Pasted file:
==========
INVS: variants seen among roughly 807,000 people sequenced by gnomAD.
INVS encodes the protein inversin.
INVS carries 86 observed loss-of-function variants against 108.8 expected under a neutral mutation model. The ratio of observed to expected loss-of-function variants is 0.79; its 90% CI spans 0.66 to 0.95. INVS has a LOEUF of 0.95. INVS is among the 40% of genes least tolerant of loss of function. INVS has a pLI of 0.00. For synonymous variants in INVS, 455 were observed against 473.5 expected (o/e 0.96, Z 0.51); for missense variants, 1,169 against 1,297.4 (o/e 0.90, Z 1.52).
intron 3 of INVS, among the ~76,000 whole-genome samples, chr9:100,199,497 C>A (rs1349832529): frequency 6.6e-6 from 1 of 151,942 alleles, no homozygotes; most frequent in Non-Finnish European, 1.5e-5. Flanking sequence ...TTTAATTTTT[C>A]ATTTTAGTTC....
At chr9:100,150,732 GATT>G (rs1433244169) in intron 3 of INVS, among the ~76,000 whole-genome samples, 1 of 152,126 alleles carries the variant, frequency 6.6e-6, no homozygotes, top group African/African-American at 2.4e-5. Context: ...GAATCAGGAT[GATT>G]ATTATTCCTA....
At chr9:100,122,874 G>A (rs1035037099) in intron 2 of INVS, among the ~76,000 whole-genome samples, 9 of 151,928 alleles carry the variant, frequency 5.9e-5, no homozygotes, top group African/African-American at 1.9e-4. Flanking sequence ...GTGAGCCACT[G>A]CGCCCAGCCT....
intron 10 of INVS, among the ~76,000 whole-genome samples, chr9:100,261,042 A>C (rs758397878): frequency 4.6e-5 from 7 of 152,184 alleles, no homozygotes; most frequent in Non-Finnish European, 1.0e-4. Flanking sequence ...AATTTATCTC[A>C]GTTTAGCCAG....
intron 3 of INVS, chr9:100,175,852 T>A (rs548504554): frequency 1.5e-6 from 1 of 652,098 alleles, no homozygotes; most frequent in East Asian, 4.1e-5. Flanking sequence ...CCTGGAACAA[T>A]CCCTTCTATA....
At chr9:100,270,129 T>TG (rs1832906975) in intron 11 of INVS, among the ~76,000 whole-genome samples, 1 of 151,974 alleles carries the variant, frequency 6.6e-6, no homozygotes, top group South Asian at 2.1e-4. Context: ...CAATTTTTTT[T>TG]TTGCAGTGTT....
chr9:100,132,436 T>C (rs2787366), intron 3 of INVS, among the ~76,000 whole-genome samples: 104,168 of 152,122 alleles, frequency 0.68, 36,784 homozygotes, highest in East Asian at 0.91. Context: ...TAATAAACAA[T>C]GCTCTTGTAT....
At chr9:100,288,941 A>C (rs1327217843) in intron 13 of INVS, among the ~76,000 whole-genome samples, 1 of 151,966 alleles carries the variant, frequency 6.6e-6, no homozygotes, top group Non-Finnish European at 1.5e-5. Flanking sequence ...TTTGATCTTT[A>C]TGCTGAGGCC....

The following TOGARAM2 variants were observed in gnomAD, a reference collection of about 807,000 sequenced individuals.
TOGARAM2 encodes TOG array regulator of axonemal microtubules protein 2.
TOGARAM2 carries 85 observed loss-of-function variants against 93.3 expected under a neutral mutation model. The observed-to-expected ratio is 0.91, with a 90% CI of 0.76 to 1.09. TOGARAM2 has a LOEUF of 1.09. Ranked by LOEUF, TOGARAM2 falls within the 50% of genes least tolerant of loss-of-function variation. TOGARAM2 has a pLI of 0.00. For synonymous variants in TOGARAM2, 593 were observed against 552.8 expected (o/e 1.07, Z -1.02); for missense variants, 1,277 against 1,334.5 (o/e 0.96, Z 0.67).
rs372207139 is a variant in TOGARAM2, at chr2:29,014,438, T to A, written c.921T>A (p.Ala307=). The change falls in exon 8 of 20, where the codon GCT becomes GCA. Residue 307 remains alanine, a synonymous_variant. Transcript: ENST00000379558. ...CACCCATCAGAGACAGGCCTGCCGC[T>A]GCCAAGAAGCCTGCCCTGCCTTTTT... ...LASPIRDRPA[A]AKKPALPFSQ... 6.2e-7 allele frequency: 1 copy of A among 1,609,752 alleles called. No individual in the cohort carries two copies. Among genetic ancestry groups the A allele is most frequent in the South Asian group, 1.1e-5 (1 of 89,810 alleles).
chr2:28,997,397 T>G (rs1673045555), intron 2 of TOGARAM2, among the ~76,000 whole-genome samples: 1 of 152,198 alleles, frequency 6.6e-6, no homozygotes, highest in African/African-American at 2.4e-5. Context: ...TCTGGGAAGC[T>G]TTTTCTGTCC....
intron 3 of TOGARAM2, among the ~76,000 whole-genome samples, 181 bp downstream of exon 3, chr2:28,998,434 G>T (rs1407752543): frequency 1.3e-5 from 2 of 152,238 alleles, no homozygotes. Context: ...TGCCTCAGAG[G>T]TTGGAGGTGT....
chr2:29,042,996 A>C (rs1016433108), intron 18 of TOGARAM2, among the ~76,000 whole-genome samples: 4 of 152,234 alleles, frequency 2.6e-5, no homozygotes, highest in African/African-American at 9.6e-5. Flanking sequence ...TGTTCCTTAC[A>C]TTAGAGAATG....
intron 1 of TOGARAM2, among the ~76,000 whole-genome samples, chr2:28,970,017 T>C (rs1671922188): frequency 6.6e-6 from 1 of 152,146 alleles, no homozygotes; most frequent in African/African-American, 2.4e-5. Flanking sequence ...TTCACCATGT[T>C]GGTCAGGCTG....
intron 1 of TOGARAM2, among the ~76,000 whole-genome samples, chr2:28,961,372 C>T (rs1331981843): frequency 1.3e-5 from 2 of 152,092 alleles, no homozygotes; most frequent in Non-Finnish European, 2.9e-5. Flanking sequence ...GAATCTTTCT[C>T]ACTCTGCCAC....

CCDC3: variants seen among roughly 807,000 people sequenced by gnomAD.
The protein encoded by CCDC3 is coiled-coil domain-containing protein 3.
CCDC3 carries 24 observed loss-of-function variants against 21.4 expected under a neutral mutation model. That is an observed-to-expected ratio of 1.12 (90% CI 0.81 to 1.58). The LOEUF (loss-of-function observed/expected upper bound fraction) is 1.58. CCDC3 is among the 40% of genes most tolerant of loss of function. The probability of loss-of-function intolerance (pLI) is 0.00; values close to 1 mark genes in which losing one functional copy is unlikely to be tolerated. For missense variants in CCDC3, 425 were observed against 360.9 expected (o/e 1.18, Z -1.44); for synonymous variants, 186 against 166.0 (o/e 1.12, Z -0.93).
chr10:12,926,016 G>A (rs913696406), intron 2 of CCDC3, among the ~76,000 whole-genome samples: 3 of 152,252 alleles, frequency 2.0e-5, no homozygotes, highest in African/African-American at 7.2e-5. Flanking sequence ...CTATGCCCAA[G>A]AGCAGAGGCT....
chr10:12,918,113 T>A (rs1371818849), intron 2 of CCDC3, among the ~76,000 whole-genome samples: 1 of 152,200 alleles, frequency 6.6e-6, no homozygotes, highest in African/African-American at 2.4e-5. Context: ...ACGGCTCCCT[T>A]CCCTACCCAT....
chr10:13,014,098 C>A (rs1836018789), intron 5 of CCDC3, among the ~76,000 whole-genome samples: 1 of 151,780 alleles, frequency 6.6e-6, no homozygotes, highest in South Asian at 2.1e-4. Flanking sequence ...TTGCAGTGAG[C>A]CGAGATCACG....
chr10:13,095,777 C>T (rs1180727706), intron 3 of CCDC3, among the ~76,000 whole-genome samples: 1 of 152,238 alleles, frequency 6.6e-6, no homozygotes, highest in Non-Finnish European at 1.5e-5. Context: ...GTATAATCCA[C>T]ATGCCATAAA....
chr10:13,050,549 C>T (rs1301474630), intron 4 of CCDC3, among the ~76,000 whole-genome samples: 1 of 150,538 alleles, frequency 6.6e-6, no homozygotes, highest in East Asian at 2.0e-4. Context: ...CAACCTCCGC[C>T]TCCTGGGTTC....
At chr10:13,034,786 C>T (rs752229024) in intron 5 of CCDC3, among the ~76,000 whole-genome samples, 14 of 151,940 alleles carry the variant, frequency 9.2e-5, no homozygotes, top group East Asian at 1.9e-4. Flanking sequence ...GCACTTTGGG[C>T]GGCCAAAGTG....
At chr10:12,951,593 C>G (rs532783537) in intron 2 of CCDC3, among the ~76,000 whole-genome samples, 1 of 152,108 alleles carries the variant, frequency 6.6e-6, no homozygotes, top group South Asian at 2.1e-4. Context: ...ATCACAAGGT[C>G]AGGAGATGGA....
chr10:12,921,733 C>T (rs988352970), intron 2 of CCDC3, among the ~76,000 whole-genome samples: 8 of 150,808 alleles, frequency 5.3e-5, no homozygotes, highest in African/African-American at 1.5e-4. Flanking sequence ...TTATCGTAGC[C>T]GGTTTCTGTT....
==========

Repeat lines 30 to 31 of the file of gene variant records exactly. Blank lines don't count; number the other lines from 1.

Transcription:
At chr10:12,951,593 C>G (rs532783537) in intron 2 of CCDC3, among the ~76,000 whole-genome samples, 1 of 152,108 alleles carries the variant, frequency 6.6e-6, no homozygotes, top group South Asian at 2.1e-4. Context: ...ATCACAAGGT[C>G]AGGAGATGGA....
chr10:12,921,733 C>T (rs988352970), intron 2 of CCDC3, among the ~76,000 whole-genome samples: 8 of 150,808 alleles, frequency 5.3e-5, no homozygotes, highest in African/African-American at 1.5e-4. Flanking sequence ...TTATCGTAGC[C>T]GGTTTCTGTT....